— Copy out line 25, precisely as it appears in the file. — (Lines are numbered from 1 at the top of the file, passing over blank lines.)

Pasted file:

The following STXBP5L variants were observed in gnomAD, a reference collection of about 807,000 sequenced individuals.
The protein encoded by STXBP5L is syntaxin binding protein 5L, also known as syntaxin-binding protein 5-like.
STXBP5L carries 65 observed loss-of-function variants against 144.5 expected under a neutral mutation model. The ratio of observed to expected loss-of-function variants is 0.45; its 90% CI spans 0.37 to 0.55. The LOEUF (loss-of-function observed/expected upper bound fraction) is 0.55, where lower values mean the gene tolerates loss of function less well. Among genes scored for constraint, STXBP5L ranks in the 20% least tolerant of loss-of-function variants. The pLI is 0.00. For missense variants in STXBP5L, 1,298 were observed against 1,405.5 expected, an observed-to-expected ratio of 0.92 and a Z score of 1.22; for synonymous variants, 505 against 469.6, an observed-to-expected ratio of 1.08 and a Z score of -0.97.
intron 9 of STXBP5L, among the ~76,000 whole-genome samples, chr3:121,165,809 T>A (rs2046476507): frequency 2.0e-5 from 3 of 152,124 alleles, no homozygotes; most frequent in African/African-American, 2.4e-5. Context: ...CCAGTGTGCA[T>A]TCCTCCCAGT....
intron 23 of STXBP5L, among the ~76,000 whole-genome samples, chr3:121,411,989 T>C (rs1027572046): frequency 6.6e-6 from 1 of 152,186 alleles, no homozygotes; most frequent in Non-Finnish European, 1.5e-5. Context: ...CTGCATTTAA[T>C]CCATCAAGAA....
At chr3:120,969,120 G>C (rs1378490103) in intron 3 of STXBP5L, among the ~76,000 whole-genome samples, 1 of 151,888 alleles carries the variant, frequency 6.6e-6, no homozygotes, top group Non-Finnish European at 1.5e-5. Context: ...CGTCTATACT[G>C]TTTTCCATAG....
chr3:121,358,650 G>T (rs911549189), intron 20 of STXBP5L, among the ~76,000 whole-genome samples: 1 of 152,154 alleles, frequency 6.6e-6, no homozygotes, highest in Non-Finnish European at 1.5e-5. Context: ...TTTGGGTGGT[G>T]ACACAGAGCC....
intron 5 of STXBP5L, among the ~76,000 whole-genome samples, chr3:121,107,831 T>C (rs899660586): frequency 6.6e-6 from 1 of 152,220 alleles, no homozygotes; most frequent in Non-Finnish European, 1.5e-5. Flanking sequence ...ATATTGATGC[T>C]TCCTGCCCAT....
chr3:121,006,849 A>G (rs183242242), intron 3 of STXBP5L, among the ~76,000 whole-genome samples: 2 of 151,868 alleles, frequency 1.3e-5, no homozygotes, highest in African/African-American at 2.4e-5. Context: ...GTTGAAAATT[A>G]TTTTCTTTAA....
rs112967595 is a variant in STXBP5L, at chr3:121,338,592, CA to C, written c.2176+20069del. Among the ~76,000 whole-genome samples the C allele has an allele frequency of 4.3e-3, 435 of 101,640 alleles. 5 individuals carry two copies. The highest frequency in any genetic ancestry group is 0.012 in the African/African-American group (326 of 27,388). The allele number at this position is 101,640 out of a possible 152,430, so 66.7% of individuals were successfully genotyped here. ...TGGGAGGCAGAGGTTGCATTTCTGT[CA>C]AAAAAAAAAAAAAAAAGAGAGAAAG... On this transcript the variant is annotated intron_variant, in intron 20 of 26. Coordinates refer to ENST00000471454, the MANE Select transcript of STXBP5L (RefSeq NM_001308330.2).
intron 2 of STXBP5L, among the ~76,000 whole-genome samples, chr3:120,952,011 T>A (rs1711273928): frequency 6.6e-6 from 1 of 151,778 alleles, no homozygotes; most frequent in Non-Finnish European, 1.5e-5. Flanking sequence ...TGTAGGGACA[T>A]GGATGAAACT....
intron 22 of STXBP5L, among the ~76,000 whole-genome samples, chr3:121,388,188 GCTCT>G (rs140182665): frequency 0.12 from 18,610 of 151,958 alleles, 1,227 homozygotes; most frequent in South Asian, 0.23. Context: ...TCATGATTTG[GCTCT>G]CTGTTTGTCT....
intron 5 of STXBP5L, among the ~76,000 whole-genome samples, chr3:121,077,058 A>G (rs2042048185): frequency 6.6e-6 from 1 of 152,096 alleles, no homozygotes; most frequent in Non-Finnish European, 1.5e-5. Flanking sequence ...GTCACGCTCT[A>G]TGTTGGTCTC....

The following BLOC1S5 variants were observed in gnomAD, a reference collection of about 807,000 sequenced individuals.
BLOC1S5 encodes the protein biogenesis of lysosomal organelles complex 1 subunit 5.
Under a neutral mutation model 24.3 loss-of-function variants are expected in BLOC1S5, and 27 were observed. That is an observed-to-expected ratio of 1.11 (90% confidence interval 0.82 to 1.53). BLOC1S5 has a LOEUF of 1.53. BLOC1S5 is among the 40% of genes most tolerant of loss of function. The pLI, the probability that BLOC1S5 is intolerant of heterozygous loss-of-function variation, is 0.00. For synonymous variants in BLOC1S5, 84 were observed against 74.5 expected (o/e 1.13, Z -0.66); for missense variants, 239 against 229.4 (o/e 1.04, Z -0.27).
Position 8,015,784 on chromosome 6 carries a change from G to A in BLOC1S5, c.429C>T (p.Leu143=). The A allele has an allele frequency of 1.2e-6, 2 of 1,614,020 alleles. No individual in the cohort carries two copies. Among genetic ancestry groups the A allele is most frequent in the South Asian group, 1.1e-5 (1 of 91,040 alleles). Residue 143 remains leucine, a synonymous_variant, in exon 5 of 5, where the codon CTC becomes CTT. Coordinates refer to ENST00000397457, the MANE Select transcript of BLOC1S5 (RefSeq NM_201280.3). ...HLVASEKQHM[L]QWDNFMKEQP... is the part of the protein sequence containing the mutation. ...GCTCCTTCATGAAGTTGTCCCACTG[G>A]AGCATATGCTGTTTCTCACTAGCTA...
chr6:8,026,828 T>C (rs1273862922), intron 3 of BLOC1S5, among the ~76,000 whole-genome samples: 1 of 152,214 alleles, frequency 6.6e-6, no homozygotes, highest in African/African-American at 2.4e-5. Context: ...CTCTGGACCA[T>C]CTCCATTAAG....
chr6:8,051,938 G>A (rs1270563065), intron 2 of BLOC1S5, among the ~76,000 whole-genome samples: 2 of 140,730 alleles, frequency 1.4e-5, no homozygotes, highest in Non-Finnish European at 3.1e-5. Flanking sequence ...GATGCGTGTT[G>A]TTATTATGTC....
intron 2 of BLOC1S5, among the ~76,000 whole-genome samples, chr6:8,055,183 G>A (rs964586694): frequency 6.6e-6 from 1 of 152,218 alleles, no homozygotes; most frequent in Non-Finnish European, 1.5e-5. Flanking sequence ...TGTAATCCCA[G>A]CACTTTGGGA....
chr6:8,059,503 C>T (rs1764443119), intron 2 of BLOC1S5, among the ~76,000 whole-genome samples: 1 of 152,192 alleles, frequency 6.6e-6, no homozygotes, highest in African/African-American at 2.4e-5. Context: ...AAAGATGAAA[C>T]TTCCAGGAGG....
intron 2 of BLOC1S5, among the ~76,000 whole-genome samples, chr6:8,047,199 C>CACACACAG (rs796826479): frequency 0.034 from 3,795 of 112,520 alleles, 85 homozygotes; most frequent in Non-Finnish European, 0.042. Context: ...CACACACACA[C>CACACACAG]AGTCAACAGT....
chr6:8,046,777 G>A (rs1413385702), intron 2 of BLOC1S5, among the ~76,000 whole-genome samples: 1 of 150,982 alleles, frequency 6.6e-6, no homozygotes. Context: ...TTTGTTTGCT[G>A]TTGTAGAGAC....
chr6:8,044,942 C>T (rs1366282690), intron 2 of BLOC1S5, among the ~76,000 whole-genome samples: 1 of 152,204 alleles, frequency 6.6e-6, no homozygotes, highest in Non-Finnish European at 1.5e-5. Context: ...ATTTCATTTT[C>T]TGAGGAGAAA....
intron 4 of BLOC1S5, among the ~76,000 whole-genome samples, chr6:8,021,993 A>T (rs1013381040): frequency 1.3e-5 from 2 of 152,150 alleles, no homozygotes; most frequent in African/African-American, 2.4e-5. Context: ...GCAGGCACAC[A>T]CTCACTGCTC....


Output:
intron 4 of BLOC1S5, among the ~76,000 whole-genome samples, chr6:8,021,993 A>T (rs1013381040): frequency 1.3e-5 from 2 of 152,150 alleles, no homozygotes; most frequent in African/African-American, 2.4e-5. Context: ...GCAGGCACAC[A>T]CTCACTGCTC....